Monday, 28 January 2013 14:08
SEOUL: South Korean shares closed at nearly a two-month low on Monday as a weakening yen compounded concerns about weak corporate earnings and outlooks, while large moves in the won currency encouraged foreign investors to take profits.
The Korea Composite Stock Price Index (KOSPI) closed down 0.4 percent at 1,939.71 points, its lowest closing since Dec. 4.
"Automakers extended losses on concern over the weak yen and large dent in Q4 operating profits, while techs like Samsung Electronics fell on worries the smartphone market won't keep up its current growth rate," said Ko Seung-hee, an analyst at SK Securities.
He added the steep move in the won-dollar exchange rate also spurred foreign investors to take profits.
Foreign investors net sold more than 500 billion won ($465.42 million) for the second session in a row, dragging down the index in the largest foreign selloff since Sept. 23, 2011.
The South Korean won declined by more than 1 percent against the dollar in domestic trade on Monday, and was quoted at 1,093.1 at the close in its biggest daily decline since December 2011.
The currency had steadily strengthened against the dollar by 75.34 won, or 6.7 percent, between the start of September and Jan. 11, driving up the price of South Korean shares.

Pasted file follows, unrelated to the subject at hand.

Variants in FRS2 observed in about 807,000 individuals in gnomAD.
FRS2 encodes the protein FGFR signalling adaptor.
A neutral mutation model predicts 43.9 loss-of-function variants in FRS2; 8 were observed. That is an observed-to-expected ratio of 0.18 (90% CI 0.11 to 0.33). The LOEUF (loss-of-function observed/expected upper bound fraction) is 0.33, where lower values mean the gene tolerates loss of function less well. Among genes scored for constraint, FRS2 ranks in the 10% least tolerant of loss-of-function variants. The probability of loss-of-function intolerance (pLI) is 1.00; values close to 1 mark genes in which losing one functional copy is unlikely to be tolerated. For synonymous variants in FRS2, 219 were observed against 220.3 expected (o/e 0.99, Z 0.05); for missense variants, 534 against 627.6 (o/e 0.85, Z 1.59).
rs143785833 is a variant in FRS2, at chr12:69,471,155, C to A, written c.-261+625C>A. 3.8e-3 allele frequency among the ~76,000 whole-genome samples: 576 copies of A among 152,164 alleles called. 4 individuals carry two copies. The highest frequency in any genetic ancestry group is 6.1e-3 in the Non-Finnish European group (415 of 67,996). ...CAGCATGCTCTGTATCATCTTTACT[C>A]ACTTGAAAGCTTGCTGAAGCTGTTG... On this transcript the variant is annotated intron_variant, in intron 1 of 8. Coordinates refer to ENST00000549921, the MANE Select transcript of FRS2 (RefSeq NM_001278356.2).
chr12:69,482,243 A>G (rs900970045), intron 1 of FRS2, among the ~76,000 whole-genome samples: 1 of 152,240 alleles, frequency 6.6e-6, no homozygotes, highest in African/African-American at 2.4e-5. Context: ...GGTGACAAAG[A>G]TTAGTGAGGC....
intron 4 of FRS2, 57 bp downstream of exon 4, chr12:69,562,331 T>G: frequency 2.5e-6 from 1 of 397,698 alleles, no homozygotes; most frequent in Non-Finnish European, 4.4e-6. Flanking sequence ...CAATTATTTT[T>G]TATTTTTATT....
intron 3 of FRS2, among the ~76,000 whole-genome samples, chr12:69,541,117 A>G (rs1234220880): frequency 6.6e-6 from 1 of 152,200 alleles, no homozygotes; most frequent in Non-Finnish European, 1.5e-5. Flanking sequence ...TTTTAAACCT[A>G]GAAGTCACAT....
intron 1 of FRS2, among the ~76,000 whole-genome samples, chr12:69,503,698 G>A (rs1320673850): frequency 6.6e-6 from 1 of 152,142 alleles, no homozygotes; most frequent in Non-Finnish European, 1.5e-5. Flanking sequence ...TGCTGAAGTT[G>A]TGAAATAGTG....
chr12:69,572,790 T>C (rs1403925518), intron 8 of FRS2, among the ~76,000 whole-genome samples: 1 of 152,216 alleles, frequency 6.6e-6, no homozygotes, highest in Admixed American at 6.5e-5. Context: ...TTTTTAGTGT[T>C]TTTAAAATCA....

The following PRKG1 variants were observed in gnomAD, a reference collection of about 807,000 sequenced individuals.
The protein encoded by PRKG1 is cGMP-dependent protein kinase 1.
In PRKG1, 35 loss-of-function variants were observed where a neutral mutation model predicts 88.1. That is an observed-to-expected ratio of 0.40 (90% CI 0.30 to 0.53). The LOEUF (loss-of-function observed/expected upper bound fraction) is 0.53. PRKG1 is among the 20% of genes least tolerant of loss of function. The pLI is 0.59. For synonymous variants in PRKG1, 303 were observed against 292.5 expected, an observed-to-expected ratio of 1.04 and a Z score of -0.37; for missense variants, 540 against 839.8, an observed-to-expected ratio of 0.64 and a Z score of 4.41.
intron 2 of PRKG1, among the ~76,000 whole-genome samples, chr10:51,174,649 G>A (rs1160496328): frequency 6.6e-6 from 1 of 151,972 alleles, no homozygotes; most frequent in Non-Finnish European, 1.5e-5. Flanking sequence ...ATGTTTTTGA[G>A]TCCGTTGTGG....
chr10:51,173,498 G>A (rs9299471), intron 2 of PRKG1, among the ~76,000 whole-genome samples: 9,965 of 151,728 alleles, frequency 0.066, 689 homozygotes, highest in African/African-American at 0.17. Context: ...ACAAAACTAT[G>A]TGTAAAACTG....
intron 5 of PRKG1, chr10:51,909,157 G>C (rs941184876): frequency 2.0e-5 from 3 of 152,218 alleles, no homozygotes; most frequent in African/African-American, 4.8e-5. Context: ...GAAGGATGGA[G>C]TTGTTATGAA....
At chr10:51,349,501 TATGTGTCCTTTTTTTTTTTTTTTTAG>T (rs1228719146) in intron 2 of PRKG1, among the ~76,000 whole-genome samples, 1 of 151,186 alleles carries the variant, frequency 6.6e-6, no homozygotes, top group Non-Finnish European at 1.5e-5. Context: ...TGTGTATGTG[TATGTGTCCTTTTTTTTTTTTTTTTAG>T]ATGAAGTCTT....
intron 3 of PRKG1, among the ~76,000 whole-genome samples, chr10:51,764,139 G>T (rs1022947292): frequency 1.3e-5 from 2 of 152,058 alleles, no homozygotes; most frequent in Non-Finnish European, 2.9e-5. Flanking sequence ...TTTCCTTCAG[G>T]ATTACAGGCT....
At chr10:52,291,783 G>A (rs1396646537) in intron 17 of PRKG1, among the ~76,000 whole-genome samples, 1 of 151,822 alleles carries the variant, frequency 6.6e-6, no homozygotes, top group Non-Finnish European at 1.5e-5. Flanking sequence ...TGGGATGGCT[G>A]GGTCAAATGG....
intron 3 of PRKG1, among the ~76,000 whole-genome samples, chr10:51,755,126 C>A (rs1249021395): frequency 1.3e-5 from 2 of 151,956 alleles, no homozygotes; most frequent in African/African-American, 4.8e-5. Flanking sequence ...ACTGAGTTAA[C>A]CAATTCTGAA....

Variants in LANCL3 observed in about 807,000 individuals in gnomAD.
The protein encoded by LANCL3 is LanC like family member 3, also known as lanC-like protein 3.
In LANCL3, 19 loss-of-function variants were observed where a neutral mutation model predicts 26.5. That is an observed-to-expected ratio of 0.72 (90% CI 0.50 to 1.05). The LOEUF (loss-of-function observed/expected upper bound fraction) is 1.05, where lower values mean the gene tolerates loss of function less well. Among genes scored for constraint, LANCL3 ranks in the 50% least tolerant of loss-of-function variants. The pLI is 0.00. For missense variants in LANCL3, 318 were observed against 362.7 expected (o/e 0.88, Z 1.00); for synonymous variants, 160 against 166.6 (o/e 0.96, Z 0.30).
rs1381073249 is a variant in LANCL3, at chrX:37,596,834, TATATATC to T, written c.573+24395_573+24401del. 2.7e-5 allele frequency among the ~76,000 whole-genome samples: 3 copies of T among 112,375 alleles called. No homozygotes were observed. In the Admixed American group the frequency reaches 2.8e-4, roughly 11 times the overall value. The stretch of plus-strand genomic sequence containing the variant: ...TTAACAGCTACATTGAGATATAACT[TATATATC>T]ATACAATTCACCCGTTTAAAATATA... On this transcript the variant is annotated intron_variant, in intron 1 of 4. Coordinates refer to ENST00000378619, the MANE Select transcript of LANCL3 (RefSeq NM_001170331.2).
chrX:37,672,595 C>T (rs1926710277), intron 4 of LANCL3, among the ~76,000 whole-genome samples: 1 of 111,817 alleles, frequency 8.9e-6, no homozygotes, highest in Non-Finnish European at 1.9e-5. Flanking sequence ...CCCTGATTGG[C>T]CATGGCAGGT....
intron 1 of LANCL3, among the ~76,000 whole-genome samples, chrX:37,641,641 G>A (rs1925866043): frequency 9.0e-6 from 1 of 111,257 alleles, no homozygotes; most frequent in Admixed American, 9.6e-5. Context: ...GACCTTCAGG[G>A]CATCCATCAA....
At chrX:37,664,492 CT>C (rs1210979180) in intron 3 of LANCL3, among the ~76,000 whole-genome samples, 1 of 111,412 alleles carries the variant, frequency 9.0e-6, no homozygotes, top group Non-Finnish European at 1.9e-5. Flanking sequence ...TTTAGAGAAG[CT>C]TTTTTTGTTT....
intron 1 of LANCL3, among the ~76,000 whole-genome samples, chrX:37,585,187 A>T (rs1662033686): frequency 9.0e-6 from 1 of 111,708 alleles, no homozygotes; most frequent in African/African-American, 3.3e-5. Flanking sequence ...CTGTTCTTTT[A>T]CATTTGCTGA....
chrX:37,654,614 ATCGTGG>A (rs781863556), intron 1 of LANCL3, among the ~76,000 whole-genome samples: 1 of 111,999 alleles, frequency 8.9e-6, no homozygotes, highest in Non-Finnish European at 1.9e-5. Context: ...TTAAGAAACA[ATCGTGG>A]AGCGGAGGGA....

Since then, the won has fell by 37.1 won, or 3.5 percent, against the dollar as of Monday.
Heavyweight Samsung Electronics fell 3.2 percent to 1.372 million won per share, its lowest closing since Nov. 20.
"Concerns about South Korean tech firms' fundamentals has increased, with high-end smartphone device shipments expected to slow down this year," said Park Young-joo, an analyst at Woori Investment & Securities.
US fund manager Vanguard's decision to switch from the MSCI index to the FTSE to track markets for its $67 billion emerging market fund is also seen pressuring the tech heavyweight, as it is expected to wipe 2.45 trillion won in foreign funds from Samsung alone.
Automakers lost ground for a third session, with Hyundai Motor down 1.2 percent while sibling Kia Motors slid 1.5 percent in the aftermath of weaker-than-expected earnings last week.
Among daily movers, Korea Exchange Bank (KEB) jumped 6.3 percent after parent company Hana Financial Group Inc announced on Monday it will seek 100 percent of Korea Exchange Bank through a share swap.
The planned swap of 5.28 KEB shares for 1 Hana Financial share will be completed in early April, with KEB to be delisted by April 26.
Declining shares outnumbered winners 442 to 390. The KOSPI 200 benchmark of core stocks was down 0.6 percent, while the junior KOSDAQ fell 0.5 percent.
Copyright Reuters, 2013